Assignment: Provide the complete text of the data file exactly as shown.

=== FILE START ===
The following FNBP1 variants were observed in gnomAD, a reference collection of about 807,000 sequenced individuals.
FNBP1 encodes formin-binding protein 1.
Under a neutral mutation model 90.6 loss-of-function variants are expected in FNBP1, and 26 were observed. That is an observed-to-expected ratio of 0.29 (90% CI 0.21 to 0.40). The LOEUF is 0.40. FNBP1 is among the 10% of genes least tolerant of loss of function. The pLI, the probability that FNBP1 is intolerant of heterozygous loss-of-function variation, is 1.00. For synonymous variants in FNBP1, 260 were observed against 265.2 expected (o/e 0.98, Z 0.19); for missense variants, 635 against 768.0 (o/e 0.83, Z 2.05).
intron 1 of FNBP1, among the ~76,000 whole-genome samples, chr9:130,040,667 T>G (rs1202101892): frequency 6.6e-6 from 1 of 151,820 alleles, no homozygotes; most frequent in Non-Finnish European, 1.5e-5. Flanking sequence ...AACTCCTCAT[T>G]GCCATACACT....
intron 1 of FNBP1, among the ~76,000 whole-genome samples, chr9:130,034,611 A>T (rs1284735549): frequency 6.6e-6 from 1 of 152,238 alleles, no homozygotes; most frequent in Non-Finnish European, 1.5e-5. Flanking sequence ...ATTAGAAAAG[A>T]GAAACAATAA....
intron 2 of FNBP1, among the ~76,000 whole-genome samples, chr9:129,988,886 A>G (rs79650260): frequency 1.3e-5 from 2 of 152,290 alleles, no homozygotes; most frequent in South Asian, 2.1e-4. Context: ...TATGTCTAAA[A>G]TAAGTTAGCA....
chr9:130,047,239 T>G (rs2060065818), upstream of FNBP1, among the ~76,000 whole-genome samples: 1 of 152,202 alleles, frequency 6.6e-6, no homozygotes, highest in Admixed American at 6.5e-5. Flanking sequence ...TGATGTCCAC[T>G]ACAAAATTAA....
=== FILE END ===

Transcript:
The following FNBP1 variants were observed in gnomAD, a reference collection of about 807,000 sequenced individuals.
FNBP1 encodes formin-binding protein 1.
Under a neutral mutation model 90.6 loss-of-function variants are expected in FNBP1, and 26 were observed. That is an observed-to-expected ratio of 0.29 (90% CI 0.21 to 0.40). The LOEUF is 0.40. FNBP1 is among the 10% of genes least tolerant of loss of function. The pLI, the probability that FNBP1 is intolerant of heterozygous loss-of-function variation, is 1.00. For synonymous variants in FNBP1, 260 were observed against 265.2 expected (o/e 0.98, Z 0.19); for missense variants, 635 against 768.0 (o/e 0.83, Z 2.05).
intron 1 of FNBP1, among the ~76,000 whole-genome samples, chr9:130,040,667 T>G (rs1202101892): frequency 6.6e-6 from 1 of 151,820 alleles, no homozygotes; most frequent in Non-Finnish European, 1.5e-5. Flanking sequence ...AACTCCTCAT[T>G]GCCATACACT....
intron 1 of FNBP1, among the ~76,000 whole-genome samples, chr9:130,034,611 A>T (rs1284735549): frequency 6.6e-6 from 1 of 152,238 alleles, no homozygotes; most frequent in Non-Finnish European, 1.5e-5. Flanking sequence ...ATTAGAAAAG[A>T]GAAACAATAA....
intron 2 of FNBP1, among the ~76,000 whole-genome samples, chr9:129,988,886 A>G (rs79650260): frequency 1.3e-5 from 2 of 152,290 alleles, no homozygotes; most frequent in South Asian, 2.1e-4. Context: ...TATGTCTAAA[A>G]TAAGTTAGCA....
chr9:130,047,239 T>G (rs2060065818), upstream of FNBP1, among the ~76,000 whole-genome samples: 1 of 152,202 alleles, frequency 6.6e-6, no homozygotes, highest in Admixed American at 6.5e-5. Flanking sequence ...TGATGTCCAC[T>G]ACAAAATTAA....